Kincade Fire: The Age of Flames Is Consuming California  

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Right on cue, Northern California has plunged back into wildfire hell. This time two years ago, the Tubbs Fire was ripping through Santa Rosa and other communities north of San Francisco, killing 22 and destroying 5,000 homes. And last year on November 8, the Camp Fire virtually obliterated the town of Paradise, killing 86 and burning an astonishing 20,000 structures to the ground.

Last night at 9:30 pm PT, a wildfire sparked northeast of Healdsburg, a town of over 10,000 just north of San Francisco. Fanned by winds of up to 80 miles per hour, the Kincade Fire tore through the landscape, consuming 10,000 acres in a matter of hours. Thousands have been forced to flee. As of the time of this writing, it’s zero percent contained. Early footage of people driving through the area shows the damage is likely extensive, with homes burning along the roadside. Reporters on the ground are finding many gutted structures.

Welcome to what fire historian Steve Pyne calls the Pyrocene, a unique time in history when human use of fire, particularly the burning of fossil fuels, and misuse of land combine to create hell on Earth. “We are creating a fire age that will be equivalent to the Ice Age,” he says. The reckoning is here, and California—a highly flammable state packed with people—is getting it worse than just about anywhere in the world.

There’s good reason that for the past three years Northern California has seen particularly massive, fast-moving wildfires tear through communities. Every autumn, winds blow in from the northeast, heating up and picking up speed as they descend through mountain valleys. This sucks moisture out of vegetation, turning it into the perfect fuel for wildfires.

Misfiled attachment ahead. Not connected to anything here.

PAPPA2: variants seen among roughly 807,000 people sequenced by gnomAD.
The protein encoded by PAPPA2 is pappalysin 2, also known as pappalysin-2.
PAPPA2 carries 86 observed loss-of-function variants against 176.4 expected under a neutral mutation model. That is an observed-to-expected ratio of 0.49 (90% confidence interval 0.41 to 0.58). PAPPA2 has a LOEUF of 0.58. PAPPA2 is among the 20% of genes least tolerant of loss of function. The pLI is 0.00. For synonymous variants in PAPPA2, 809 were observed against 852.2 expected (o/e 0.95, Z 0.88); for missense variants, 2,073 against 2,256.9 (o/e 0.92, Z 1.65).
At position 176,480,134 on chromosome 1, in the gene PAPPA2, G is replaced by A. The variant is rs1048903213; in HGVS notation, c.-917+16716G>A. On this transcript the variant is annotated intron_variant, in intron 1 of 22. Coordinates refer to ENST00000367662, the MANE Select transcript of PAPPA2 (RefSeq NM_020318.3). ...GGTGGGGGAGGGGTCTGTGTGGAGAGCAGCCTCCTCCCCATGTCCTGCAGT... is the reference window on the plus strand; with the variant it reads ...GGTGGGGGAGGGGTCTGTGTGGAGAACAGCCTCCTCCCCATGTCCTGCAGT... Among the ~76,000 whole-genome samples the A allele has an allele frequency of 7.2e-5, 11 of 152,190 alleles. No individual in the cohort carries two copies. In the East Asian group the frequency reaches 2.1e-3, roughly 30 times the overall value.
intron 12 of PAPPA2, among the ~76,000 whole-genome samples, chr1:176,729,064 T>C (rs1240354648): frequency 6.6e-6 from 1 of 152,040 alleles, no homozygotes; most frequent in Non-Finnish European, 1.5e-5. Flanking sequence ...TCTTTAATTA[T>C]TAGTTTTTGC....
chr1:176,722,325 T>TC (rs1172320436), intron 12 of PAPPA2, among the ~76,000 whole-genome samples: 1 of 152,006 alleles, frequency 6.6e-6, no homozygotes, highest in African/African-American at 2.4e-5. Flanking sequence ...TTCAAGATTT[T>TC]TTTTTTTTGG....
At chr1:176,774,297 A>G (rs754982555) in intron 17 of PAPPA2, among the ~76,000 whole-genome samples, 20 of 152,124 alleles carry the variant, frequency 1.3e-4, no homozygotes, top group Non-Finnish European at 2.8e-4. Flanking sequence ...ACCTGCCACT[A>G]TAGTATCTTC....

In the past, the state would have had at least some rain to hydrate vegetation after the summer. Thanks to climate change, that’s largely not the case anymore. All it takes is one spark to ignite ultra-dry brush, and high winds will carry that flame with incredible speed, overwhelming communities like Paradise in 2018, where many residents simply didn’t have time to escape. Winds also complicate firefighting efforts: If they’re too strong, planes and helicopters can’t accurately drop flame retardants, and if they’re too light, smoke accumulates and visibility plummets, making it unsafe to fly too close to the conflagration.

But to blame California’s wildfire problem on climate change alone is oversimplifying matters. As the state’s population has boomed, communities have cropped up in the most brush-packed, fire-prone lands. California has also been terrible at managing vegetation that’s grown out of control, because wildfires that naturally reset ecosystems are now quickly extinguished to save human lives. And the local utility, PG&E, has a dismal safety record, its equipment sparking 17 major wildfires in 2017 alone. Accordingly, it’s been initiating huge “public safety power shutoffs” this year in anticipation of high wind events, and indeed it seems to have preemptively cut power to the region where the Kincade Fire sparked last night. But the San Francisco Chronicle is now reporting that PG&E left high voltage lines in the area energized, and detected an outage minutes before the wildfire started. These are the same kinds of lines that sparked last year’s Camp Fire, though to be clear the utility hasn’t officially been blamed for this new fire.

The mountain communities in the danger zone can take steps to protect themselves, though nothing comes for free. Each town could, for example, decide to invest in its own solar-powered microgrid. They could become vigilant about clearing brush around homes, but all it takes is one lazy homeowner to imperil everyone else. “Fire is a contagion phenomenon—its power comes from its ability to spread,” says Pyne. “And if you take care of your house or your property, but your neighbors don’t, you’re still at risk.”

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